The present invention relates to a portable work station which includes at least two separate cooperating units stored in a rigid carrying case including a cover and a body. The carrying case contains a notebook computer, a printer and/or other peripherals, and can be used on the road by salesman, executives, field engineers, repairmen and other field workers, for testing, ordering goods, office communications, document printing, etc. Such a work station is capable of withstanding impacts and other external forces. In addition, the work station can be carried on an airplane and be used in remote locations without the need for either power or land line telephone connection, since it combines battery-operated telecommunication and computer technologies found useful in military, transportation, insurance, real estate and other industries.
In general terms, the preferred embodiment of the present invention relates to a compact portable work station including a personal computer, a printer and/or other conventional peripherals, all interconnected with one another and efficiently packaged within and operational from an impact resistant carrying case. The computer may be interfaced with such peripherals as an optical scanner, a cellular telephone, a digital camera, a modem to permit facsimile and data transmission, and the like. A conductive (e.g., metal) shroud extends across the carrying case, and a main control panel is located atop the shroud. The main control panel includes a plurality of easily accessible switches that are manually operated to selectively energize the computer and one or more of the peripherals. Behind the shroud are located a computer and a peripheral, such as a printer. The computer can be placed on a computer tray that is connected to the bottom of the carrying case by a pair of arms. Opposite ends of the arms are pivotally connected to respective brackets at each of the computer tray and the bottom of the case.
The work station of the present invention complies with applicable RF safety standards and recommendations for protection of public exposure to RF electromagnetic energy established by the government. More particularly, the cellular telephone is located within a shielded enclosure under the metal shroud. In addition, the work station includes a hollow, elongated docking channel that supports and routs a shielded composite cable. Running through the shielded composite cable are power and communication conductors, each of which terminating at a respective electrical connector that extends through the docking channel and is adopted to be plugged directly into the computer and the peripheral devices enclosed in the work station carrying case.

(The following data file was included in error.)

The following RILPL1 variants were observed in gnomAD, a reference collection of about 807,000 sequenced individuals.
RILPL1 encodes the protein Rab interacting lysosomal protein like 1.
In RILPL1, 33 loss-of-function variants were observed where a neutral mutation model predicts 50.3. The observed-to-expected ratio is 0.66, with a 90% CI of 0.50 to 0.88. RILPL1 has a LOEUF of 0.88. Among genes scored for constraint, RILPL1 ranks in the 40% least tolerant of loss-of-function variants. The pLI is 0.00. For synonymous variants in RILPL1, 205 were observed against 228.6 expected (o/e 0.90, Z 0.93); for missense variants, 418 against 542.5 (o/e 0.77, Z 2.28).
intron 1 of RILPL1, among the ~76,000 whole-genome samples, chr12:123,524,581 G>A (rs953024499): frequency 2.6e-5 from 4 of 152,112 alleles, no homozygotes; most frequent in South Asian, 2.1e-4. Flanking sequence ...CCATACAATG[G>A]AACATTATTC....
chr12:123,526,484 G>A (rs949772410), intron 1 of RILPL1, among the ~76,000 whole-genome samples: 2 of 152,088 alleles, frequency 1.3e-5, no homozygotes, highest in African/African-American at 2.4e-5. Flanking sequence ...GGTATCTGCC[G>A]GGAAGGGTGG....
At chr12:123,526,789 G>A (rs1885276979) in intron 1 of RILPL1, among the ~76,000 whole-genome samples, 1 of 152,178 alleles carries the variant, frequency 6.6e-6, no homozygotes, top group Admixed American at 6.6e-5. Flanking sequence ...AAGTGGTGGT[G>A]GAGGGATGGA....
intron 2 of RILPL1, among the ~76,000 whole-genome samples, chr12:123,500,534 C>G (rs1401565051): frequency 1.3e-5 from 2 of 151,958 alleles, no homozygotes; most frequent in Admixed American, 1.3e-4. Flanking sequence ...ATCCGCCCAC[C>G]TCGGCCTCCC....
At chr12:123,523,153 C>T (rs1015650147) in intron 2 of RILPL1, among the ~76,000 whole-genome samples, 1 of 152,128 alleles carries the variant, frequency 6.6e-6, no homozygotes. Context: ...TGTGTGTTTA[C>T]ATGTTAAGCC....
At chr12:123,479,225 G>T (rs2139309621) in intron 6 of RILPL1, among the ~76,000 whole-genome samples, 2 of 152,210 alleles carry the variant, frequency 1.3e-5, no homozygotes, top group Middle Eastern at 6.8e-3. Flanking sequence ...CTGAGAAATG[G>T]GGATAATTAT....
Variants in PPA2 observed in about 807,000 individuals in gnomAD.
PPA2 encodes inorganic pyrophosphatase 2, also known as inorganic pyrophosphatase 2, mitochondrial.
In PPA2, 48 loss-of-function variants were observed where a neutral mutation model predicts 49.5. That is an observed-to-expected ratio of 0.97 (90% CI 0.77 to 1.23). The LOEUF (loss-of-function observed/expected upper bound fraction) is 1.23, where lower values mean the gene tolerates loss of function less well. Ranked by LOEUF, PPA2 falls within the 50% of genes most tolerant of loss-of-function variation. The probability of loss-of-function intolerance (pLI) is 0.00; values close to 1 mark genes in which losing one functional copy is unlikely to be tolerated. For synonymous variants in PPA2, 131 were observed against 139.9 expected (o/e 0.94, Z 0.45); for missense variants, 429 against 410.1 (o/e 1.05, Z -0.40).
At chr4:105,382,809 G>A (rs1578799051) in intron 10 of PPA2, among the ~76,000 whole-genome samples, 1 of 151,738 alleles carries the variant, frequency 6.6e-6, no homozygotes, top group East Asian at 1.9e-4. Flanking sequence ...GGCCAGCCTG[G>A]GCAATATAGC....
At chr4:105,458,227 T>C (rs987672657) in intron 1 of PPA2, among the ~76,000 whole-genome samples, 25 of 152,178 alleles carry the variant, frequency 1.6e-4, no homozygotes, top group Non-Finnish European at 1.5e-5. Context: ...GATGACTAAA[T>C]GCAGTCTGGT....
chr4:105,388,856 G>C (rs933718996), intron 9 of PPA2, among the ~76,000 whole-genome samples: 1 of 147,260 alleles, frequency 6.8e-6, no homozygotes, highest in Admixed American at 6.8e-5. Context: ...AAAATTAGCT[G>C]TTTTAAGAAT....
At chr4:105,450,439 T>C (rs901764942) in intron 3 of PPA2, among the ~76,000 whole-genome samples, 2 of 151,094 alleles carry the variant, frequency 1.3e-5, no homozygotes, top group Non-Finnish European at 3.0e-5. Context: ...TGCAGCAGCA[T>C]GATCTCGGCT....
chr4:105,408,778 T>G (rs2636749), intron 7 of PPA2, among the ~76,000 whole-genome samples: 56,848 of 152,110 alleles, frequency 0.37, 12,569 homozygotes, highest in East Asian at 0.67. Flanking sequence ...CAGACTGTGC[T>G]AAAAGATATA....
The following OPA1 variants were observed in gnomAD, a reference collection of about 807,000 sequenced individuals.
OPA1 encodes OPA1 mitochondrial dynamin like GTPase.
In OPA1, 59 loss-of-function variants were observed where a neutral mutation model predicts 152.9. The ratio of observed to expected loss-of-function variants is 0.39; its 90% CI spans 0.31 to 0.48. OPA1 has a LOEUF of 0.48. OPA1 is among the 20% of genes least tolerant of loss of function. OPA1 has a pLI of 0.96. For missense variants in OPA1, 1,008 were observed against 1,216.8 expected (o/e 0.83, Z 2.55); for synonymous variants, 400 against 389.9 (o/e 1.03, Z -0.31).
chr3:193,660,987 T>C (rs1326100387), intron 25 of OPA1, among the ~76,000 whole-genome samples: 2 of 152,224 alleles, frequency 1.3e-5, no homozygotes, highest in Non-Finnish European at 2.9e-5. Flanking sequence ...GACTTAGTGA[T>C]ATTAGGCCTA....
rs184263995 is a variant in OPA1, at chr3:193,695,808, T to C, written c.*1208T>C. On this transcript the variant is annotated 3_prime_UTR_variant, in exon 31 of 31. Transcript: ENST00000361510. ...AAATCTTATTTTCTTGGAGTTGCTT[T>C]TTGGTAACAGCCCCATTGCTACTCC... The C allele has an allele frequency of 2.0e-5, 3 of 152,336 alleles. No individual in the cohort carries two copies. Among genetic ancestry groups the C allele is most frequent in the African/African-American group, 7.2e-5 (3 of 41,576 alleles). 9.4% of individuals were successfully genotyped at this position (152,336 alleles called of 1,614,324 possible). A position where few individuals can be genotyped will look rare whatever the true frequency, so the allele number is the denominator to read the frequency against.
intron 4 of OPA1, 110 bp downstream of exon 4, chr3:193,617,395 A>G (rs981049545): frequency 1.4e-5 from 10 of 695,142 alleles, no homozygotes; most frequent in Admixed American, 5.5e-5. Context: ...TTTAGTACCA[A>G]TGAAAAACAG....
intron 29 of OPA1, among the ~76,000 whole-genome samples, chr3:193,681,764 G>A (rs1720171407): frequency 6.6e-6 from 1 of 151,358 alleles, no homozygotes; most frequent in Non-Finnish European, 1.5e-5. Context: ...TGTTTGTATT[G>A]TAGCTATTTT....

Therefore, the computer and computer peripherals do not require many loose, space consuming cables, since they can be plugged directly into the connectors on the docking channel. By virtue of the foregoing, the work station will be shielded from RF energy sources, more compact in size, and user friendly.
The present invention solves the problems common to conventional work stations and provides an inexpensive means for providing a compact, shielded work station. In addition, the present invention provides an improved work station that allows different computer configurations to be directly plugged into electrical connectors, thus eliminating loose, unshielded cables. Further, the power and communication conductors are confined within a shielded composite cable to be neatly and efficiently routed to the computer and peripherals via the docking channel.
FIG. 1 is a perspective view of the modular portable work station of the present invention with the carrying case opened and the computer and peripherals removed therefrom;
FIG. 2 is a top view of the carrying case of FIG. 1;
FIG. 3 is a perspective view depicting the computer tray with the docking channel;
FIG. 4A is a cross-section of the docking channel taken along lines 4A--4A of FIG. 3;
FIG. 4B is a cross-section of the docking channel taken along lines 4B--4B of FIG. 3;
FIG. 5 is a side view of the carrying case with the computer and printer packaged therein; and
FIG. 6 is a side view of the carrying case showing the computer displaced therefrom.
The preferred embodiment of the invention will be described in conjunction with FIGS. 1-6 of the drawings. The present invention relates to a modular shielded portable work station, as illustrated in FIG. 1. A carrying case 1, coupled with a handle 12, is manufactured from an impact resistant material (e.g. ABS plastic), for convenient transport and storage of the work station. The carrying case 1 includes a cover 2, hingedly connected to a body 4, and adapted to rotate between opened and closed positions relative to the body 4.